Hank

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14 minutes ago, Hlitner said:

So, God forbid you would ever have to deal with a real claim, it may be that your $50 has been well spent :).  Just keep in mind that because you pay a travel policy to be primary does not necessarily free you from any work as you still may need to submit the claim to more then one insurer.  Primary means "first"....not "only."  In a sense it governs the order of claims submissions, but does not always mean you do not need to deal with the secondary company (or companies).

 

Hank

Very wise words, sir. When one takes the time to read all of words, the "fine print", in these policies (at least those I've taken the time to read), the phrase "Usual and Customary" or "Usual, Reasonable and Customary" are ever present. So even with the travel policy as Primary, there is the URC element to deal with. Always seems to me that the need for Secondary is lurking around every bend.

 

For those of us on Medicare, even with the better supplements, a lifetime limit of $50K sure isn't much but I've always been of the opinion that it will be enough to cover what remains after the URC is applied to primary. 

 

Then there's the credit card insurance. I've never, never relied on any of this coverage (since it's always secondary anyway) and have always figured it's out there as kind of newspaper at the bottom of the bird cage. Just enough to maybe cover anything that's left over after exhausting everything else.

 

If all of this has beaten up a lifelong insurance professional like yourself, what chance to we amateurs have! 

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Posted (edited)

Just as a reminder, most medical providers outside of the US will require payment when service is provided and sometimes before.  This includes the medical center on the ship.  The ship medical center will just add it's bill to your ship account.  They will not file a claim or submit the bill to your insurance company, that's your responsibility.

 

Be prepared and bring a high limit credit card or two, just in case.   

 

 

 

 

 

 

Edited by Philob

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41 minutes ago, Philob said:

Just as a reminder, most medical providers outside of the US will require payment when service is provided and sometimes before.  This includes the medical center on the ship.  The ship medical center will just add it's bill to your ship account.  They will not file a claim or submit the bill to your insurance company, that's your responsibility.

 

Be prepared and bring a high limit credit card or two, just in case.   

 

Great advice!

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57 minutes ago, Philob said:

Just as a reminder, most medical providers outside of the US will require payment when service is provided and sometimes before.  This includes the medical center on the ship.  The ship medical center will just add it's bill to your ship account.  They will not file a claim or submit the bill to your insurance company, that's your responsibility.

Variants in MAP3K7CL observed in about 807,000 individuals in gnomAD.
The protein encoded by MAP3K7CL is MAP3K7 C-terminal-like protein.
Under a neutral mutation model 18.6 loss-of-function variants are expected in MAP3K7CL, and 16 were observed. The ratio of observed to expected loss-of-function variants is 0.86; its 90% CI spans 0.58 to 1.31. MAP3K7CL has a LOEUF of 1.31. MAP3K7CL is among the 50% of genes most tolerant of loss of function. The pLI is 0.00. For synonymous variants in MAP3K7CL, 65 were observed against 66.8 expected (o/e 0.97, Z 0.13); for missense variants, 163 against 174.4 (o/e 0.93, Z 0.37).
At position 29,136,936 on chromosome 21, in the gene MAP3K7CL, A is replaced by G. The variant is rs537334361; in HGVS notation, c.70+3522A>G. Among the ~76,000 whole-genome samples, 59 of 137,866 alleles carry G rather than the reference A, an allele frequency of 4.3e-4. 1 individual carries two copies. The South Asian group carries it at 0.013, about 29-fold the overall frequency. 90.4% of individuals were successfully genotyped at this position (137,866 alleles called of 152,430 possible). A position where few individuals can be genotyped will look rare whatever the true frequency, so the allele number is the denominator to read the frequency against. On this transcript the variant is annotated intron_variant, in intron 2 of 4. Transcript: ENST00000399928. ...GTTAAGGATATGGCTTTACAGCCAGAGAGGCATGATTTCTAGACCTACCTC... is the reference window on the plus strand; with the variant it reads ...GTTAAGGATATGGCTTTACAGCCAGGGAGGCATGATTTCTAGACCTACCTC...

Be prepared and bring a high limit credit card or two, just in case.   

 

 

Likewise, if one needs to change plans to return home unexpectedly, that could involve much higher cost "last minute" airline tickets.  So make sure you'd be able to cover that charge for everyone also, with you charge card limit.

 

GC

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On 12/31/2018 at 9:42 PM, Philob said:

Just as a reminder, most medical providers outside of the US will require payment when service is provided and sometimes before.  This includes the medical center on the ship.  The ship medical center will just add it's bill to your ship account.  They will not file a claim or submit the bill to your insurance company, that's your responsibility.

 

Be prepared and bring a high limit credit card or two, just in case.   

 

 

 

 

 

 

That was our experience when I went to ship infirmary twice on a cruise.  We had to pay the $800+ bill before disembarking, then go through the process of filing for reimbursement first with our main group health insurance, and waiting for it to be denied so that we could then file with the trip insurance.  

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8 hours ago, Walfam said:

That was our experience when I went to ship infirmary twice on a cruise.  We had to pay the $800+ bill before disembarking, then go through the process of filing for reimbursement first with our main group health insurance, and waiting for it to be denied so that we could then file with the trip insurance.  

 

Exactly the reason I happily spend an additional $25/pp to upgrade the normally secondary medical coverage to primary for each trip policy I purchase. I look upon this additional $50 (for the two of us) as avoiding unnecessary and avoidable "wear and tear".........on me! 

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Something I read a  long time ago: It seems easier to make the travel insurance the primary insurance. Especially since your own medical insurance might not cover out-of-country costs and if they do you will have a deductible and co-payments.

 

The travel insurance medical coverage does not have deductible or co-pays. 

 

However - if your travel insurance is primary and you max it out and then revert to your own medical insurance, deductibles become applicable and payable by you.